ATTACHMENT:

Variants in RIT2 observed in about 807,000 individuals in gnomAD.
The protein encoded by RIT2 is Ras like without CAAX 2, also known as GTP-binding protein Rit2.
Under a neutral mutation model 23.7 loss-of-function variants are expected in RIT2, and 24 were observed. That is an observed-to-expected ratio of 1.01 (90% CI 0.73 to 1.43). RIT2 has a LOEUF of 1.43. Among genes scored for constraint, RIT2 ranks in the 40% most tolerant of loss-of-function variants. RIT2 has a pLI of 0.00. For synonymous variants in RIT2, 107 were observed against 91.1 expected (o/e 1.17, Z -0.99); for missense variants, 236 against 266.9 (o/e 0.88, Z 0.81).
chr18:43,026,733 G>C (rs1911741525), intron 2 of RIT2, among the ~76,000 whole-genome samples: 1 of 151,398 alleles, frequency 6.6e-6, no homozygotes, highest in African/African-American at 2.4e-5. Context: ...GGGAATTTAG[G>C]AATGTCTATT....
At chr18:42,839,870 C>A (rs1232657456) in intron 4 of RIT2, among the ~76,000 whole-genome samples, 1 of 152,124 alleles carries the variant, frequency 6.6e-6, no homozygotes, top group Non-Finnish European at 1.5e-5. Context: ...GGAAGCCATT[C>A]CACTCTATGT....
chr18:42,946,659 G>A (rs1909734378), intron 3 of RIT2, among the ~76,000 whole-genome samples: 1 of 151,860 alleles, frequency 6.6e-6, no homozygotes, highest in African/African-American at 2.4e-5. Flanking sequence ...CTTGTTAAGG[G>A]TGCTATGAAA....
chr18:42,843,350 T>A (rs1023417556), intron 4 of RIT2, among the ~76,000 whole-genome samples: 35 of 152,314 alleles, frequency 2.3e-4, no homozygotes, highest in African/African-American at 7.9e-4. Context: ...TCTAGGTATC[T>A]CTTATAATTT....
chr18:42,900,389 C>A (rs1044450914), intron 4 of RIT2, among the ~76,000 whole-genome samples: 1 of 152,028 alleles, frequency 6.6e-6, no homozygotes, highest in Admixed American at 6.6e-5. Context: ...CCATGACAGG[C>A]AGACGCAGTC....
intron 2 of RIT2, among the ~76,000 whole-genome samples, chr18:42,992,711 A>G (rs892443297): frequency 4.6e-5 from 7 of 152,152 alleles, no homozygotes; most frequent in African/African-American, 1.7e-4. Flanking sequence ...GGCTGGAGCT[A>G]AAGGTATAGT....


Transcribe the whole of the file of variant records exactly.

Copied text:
Variants in RIT2 observed in about 807,000 individuals in gnomAD.
The protein encoded by RIT2 is Ras like without CAAX 2, also known as GTP-binding protein Rit2.
Under a neutral mutation model 23.7 loss-of-function variants are expected in RIT2, and 24 were observed. That is an observed-to-expected ratio of 1.01 (90% CI 0.73 to 1.43). RIT2 has a LOEUF of 1.43. Among genes scored for constraint, RIT2 ranks in the 40% most tolerant of loss-of-function variants. RIT2 has a pLI of 0.00. For synonymous variants in RIT2, 107 were observed against 91.1 expected (o/e 1.17, Z -0.99); for missense variants, 236 against 266.9 (o/e 0.88, Z 0.81).
chr18:43,026,733 G>C (rs1911741525), intron 2 of RIT2, among the ~76,000 whole-genome samples: 1 of 151,398 alleles, frequency 6.6e-6, no homozygotes, highest in African/African-American at 2.4e-5. Context: ...GGGAATTTAG[G>C]AATGTCTATT....
At chr18:42,839,870 C>A (rs1232657456) in intron 4 of RIT2, among the ~76,000 whole-genome samples, 1 of 152,124 alleles carries the variant, frequency 6.6e-6, no homozygotes, top group Non-Finnish European at 1.5e-5. Context: ...GGAAGCCATT[C>A]CACTCTATGT....
chr18:42,946,659 G>A (rs1909734378), intron 3 of RIT2, among the ~76,000 whole-genome samples: 1 of 151,860 alleles, frequency 6.6e-6, no homozygotes, highest in African/African-American at 2.4e-5. Flanking sequence ...CTTGTTAAGG[G>A]TGCTATGAAA....
chr18:42,843,350 T>A (rs1023417556), intron 4 of RIT2, among the ~76,000 whole-genome samples: 35 of 152,314 alleles, frequency 2.3e-4, no homozygotes, highest in African/African-American at 7.9e-4. Context: ...TCTAGGTATC[T>A]CTTATAATTT....
chr18:42,900,389 C>A (rs1044450914), intron 4 of RIT2, among the ~76,000 whole-genome samples: 1 of 152,028 alleles, frequency 6.6e-6, no homozygotes, highest in Admixed American at 6.6e-5. Context: ...CCATGACAGG[C>A]AGACGCAGTC....
intron 2 of RIT2, among the ~76,000 whole-genome samples, chr18:42,992,711 A>G (rs892443297): frequency 4.6e-5 from 7 of 152,152 alleles, no homozygotes; most frequent in African/African-American, 1.7e-4. Flanking sequence ...GGCTGGAGCT[A>G]AAGGTATAGT....